How A Quadriplegic Patient Was Able To Eat By Himself Again Using Artificial Limbs

Thirty years ago, [Robert “Buz” Chmielewski] suffered a surfing accident as a teenager. This left him as a quadriplegic due to a C6 spinal cord injury. After becoming a participant in a brain-computer interface study at Johns Hopkins, he was recently able to feed himself through the use of prosthetic arms. The most remarkable thing about these prosthetic arms is primarily the neural link with [Buz’s] brain, which allows him to not only control the artificial arms, but also feel what they are touching, due to a closed-loop system which transfers limb sensory input to the patient’s brain.

The prosthetic limb in question is the Modular Prosthetic Limb (MPL) from Johns Hopkins Applied Physics Laboratory (APL). The Johns Hopkins Medicine Brain-Computer Interface study began a year ago, when [Buz] had six microelectrode arrays (MEA) implanted into his brain: half in the motor cortex and half in the sensory cortex. During the following months, the study focused on using the signals from the first set of arrays to control actuators, such as the MPL. The second set of arrays was used to study how the sensory cortex had to be stimulated to allow a patient to feel the artificial limb much as one feels a biological limb.

What makes this study so interesting is not only the closed-loop approach which provides the patient with feedback on the position and pressure on the prosthetic, but also that it involves both hemispheres of the brain. As a result, after only a year of the study, [Buz] was able to use two of the MPLs simultaneously to feed himself, which is a delicate and complicated tasks.

In the video embedded after the break one can see a comparison of [Buz] at the beginning of the study and today, as he manages to handle cutlery and eat cake, without assistance.

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Karting Hands-Free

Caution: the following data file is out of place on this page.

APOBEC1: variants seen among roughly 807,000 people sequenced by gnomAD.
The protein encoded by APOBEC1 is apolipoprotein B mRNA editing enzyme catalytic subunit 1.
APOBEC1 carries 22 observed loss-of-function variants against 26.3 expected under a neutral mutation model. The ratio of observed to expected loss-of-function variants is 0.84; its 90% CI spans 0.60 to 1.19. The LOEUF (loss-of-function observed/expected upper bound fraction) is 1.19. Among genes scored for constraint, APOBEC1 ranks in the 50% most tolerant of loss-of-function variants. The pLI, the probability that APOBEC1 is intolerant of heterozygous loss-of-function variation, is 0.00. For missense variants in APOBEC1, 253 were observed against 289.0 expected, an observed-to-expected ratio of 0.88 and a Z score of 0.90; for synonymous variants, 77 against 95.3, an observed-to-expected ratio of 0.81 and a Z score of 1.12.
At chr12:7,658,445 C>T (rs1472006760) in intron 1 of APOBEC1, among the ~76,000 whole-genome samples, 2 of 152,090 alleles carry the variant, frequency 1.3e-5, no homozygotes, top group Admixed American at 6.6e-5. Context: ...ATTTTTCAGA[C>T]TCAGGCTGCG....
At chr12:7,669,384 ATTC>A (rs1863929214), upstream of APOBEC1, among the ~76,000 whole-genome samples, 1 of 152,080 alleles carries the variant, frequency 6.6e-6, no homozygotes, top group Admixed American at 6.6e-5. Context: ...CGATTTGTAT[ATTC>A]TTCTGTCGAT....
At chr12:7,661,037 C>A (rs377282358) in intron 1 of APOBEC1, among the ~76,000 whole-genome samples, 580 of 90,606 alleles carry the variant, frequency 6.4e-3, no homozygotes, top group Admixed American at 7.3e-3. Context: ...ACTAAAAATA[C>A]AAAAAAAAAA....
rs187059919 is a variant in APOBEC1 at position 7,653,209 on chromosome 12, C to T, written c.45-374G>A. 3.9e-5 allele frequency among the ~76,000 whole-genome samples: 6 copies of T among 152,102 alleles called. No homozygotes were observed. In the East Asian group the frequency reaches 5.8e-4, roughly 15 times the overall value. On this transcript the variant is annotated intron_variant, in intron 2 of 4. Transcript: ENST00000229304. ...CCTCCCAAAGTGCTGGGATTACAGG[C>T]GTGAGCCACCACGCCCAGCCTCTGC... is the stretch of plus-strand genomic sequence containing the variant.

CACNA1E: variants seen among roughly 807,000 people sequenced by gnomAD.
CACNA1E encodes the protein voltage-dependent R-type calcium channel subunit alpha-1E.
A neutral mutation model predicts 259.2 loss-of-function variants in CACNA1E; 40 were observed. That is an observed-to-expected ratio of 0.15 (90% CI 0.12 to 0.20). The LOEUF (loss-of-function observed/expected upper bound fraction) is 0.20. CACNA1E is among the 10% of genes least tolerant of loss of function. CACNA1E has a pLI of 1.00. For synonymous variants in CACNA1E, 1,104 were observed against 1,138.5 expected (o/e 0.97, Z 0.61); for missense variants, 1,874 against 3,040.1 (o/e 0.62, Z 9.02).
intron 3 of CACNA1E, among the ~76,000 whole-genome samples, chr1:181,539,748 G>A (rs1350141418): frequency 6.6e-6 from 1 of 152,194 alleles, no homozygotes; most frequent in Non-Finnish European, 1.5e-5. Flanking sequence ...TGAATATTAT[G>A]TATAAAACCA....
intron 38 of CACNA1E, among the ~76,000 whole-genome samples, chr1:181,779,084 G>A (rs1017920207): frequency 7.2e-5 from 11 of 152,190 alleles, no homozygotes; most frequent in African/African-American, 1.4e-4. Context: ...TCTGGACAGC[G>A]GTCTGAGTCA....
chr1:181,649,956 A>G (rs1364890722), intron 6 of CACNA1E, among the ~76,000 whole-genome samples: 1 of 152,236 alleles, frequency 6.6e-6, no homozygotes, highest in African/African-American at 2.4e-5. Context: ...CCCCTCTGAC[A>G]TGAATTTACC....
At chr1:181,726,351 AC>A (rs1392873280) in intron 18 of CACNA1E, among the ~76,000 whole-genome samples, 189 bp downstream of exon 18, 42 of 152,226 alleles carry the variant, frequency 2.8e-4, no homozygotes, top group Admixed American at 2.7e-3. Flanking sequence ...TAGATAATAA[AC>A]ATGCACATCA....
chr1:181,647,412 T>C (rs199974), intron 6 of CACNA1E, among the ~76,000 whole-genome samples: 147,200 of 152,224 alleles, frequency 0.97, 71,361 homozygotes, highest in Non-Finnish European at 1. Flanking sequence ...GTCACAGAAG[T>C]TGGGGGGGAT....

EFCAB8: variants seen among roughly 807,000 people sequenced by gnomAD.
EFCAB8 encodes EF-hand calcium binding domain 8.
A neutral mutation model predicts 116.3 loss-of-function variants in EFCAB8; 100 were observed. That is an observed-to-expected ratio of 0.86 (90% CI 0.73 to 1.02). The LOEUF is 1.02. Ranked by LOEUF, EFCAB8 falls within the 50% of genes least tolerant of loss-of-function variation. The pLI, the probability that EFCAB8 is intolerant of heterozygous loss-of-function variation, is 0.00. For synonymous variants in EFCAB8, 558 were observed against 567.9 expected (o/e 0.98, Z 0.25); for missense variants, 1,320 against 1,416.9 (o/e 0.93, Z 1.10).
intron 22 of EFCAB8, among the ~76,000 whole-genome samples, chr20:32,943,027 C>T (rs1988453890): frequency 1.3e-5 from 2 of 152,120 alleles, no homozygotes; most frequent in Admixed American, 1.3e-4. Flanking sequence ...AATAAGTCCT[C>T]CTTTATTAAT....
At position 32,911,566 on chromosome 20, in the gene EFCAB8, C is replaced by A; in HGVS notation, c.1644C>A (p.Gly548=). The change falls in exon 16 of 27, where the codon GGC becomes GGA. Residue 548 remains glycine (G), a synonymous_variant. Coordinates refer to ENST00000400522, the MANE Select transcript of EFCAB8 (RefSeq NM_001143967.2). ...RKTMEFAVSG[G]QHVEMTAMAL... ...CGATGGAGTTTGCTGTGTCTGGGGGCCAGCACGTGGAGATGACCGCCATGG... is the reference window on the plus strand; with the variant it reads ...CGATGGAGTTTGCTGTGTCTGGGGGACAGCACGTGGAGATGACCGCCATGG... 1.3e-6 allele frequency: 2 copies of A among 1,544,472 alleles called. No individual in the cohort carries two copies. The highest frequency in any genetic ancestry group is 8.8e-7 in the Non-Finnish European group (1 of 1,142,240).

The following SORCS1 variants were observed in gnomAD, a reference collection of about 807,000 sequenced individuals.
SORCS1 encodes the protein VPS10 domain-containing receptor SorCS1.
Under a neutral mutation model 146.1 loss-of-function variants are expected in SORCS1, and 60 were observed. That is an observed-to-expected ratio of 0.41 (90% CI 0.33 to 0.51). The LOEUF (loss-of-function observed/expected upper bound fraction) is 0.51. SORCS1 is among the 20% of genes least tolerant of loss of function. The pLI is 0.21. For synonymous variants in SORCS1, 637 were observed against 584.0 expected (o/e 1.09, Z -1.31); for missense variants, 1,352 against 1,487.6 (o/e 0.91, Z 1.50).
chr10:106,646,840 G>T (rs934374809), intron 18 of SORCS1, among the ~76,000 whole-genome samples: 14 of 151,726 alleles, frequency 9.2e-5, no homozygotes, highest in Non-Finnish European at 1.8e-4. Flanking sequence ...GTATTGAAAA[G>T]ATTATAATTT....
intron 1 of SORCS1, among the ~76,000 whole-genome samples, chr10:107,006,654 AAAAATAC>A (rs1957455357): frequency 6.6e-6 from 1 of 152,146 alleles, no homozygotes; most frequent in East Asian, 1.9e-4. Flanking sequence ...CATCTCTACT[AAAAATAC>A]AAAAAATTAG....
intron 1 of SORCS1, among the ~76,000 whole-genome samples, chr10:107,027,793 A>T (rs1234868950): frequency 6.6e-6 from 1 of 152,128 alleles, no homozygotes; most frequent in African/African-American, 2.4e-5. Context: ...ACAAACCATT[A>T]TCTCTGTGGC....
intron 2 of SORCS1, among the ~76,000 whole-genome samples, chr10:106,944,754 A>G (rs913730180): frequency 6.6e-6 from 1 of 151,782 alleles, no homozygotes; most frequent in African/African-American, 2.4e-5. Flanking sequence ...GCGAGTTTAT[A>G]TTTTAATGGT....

Some of us have computer mice with more buttons than we have fingers, resolution tracking finer than a naked eye can discern, and forced-air vents. All these features presuppose one thing; the user has a functioning hand. [Federico Runco] knows that amyotrophic lateral sclerosis, ALS, or Lou Gehrig’s disease, will rob a person of their ability to use standard computer inputs, or the joystick on a motorized wheelchair. He is building EyesDrive for the 2020 Hackaday Prize, to restore that mobility to ALS patients. There are already some solutions, but this one focuses on a short bill of materials.

Existing systems are expensive and often track pupil location, which returns precise data, but EyesDrive only discerns, left, right, and resting. For these, we need three non-invasive electrodes, a custom circuit board with amplifiers, signal processing circuits, and a microcontroller. He includes a Bluetooth socket on the custom PCBs, which is the primary communication method. In the video below he steers a virtual kart around a knotty course to prove that his system is up to the task of an urban wheelchair.

EyesDrive by [Federico Runco] should not be confused with the HackadayPrize2015 winner, Eyedrivomatic, lead by two remarkable hackers, Steve Evans and Patrick Joyce.

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